I’ll be the first to admit that I don’t understand cricket, but I’m told that cricket matches can sometimes run for days on end, and that it’s often unclear who’s winning until, suddenly and unexpectedly, one team meets some arbitrary victory conditions and then goes home to celebrate with a few pints. The FPGA synthesis game is a lot like that. It’s a high-stakes game with vast amounts of revenue at stake, not to mention some serious technology bragging rights, but it’s never really clear who’s ahead, who’s behind, or even what the rules were in the first place. It’s been going on that way for something like twenty years, and despite fierce competition and incredible technological advances in the tools, the scoreboard is still basically a bunch of gibberish. Nonetheless, the audience is stuck on the edge of their seats (Maybe they’ve been Super Glued there?) watching every move in this weird and wacky contest between tool nerds that have never met.
Before we can understand the FPGA synthesis scenario today, we should probably review a bit of history. In digital design, no implementation step is as critical or has as much influence over the final outcome of a design as synthesis. When we engineers write the source code for our design (HDL or some high-level description language), we suffer from the illusion that we are somehow in control – that if we write really clean and clever code, the resulting design will be better, faster, and more compact, and will use less energy. In reality, the code we write is merely a suggestion for our synthesis tool. The real outcome of our efforts depends on how well that tool interprets our code, divines our intent, and infers some circuitry that will honor our requests while adhering to a set of design rules we may not even know, in order to do the best job it can of achieving a set of optimization goals that we probably wouldn’t understand.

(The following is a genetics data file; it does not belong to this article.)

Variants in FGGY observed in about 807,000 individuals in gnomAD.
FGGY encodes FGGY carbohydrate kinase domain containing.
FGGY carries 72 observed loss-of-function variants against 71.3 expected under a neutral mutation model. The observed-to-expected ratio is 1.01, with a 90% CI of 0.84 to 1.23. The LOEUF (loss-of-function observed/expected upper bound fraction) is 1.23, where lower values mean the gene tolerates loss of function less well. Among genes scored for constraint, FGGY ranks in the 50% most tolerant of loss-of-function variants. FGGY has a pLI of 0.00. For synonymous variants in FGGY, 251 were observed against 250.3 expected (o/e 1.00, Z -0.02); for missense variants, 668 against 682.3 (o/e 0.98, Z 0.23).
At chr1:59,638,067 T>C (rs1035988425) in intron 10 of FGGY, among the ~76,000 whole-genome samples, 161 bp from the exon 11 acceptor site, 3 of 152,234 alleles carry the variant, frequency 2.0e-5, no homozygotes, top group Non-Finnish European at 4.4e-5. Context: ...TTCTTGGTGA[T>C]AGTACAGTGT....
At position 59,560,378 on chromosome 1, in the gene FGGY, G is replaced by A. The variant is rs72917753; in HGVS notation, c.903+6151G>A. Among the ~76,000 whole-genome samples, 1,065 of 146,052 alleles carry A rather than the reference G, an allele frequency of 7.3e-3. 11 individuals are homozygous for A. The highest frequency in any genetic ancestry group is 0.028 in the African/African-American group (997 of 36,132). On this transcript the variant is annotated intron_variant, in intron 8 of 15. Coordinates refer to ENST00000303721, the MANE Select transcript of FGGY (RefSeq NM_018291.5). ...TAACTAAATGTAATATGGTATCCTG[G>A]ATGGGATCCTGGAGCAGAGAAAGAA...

Two decades ago, when designs got so large that schematic-based entry of digital designs became unwieldy, the world switched to language-based design. But, in order for language-based design to be real, we needed logic synthesis. Synopsys, the world’s largest EDA company today, was arguably built by logic synthesis. The company’s explosive growth and impressive success record began in the 1990s with Design Compiler, a synthesis tool that became the de facto industry standard for years. Perhaps the name “Design Compiler” belied the complexity and sophistication of the algorithms involved in synthesis. By choosing the word “compiler,” Synopsys sent the message that what was going on here was at a similar level to the software compilers that turned our C code into machine instructions. Nothing could be further from the truth, and as the years passed and the technology advanced, the “compiler” metaphor only got worse. Today, virtually no logic design is done by humans. We could safely argue that 99.99% of the logic circuits in the world were created by algorithms, or – if we’re generous – only indirectly created by the handful of humans whose heuristics guide the algorithms as they interpret our code and infer massive blocks of circuitry that we hope will do what we want.